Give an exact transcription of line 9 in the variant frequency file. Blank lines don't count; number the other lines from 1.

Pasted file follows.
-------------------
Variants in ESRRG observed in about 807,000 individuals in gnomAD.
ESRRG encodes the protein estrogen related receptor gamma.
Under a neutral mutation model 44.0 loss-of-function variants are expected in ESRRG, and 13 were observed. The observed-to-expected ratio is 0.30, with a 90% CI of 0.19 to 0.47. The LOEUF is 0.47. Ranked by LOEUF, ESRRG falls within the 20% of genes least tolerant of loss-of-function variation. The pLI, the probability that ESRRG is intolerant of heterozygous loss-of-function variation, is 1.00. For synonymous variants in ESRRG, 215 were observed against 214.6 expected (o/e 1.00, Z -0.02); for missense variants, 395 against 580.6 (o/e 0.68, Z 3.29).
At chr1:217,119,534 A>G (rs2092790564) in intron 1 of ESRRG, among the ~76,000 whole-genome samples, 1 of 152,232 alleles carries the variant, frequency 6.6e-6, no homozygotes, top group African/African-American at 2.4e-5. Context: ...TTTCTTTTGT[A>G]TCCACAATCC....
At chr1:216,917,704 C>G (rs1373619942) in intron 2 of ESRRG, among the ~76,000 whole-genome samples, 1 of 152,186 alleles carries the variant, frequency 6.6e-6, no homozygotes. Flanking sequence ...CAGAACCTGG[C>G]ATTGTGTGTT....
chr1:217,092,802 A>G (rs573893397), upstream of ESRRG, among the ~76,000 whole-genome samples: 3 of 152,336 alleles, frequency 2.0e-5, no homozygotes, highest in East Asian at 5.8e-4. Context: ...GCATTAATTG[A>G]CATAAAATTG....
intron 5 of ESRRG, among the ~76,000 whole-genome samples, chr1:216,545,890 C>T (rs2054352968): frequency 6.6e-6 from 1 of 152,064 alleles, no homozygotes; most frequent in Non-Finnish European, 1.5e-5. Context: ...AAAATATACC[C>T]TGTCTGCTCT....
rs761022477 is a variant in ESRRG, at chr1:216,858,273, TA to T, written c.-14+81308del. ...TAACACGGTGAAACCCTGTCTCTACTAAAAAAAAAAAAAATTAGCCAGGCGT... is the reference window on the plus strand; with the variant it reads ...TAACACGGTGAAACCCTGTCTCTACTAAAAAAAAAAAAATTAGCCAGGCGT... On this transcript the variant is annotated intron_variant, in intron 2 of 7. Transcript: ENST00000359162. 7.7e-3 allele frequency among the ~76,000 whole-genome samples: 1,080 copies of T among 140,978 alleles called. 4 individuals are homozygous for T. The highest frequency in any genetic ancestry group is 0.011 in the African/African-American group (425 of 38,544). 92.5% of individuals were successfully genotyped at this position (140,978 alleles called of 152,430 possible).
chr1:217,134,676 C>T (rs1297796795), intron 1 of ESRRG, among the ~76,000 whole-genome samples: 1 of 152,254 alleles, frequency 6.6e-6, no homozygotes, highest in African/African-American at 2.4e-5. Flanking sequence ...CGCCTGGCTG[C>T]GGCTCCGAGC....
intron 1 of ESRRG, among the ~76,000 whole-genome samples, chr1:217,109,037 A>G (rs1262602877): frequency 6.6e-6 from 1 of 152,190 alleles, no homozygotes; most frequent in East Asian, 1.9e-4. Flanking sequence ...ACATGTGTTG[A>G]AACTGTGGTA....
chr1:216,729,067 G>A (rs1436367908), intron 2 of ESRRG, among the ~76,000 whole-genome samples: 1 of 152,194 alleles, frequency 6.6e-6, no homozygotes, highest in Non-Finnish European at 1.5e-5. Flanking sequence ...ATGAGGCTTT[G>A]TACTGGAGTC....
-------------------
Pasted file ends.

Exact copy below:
chr1:217,134,676 C>T (rs1297796795), intron 1 of ESRRG, among the ~76,000 whole-genome samples: 1 of 152,254 alleles, frequency 6.6e-6, no homozygotes, highest in African/African-American at 2.4e-5. Flanking sequence ...CGCCTGGCTG[C>T]GGCTCCGAGC....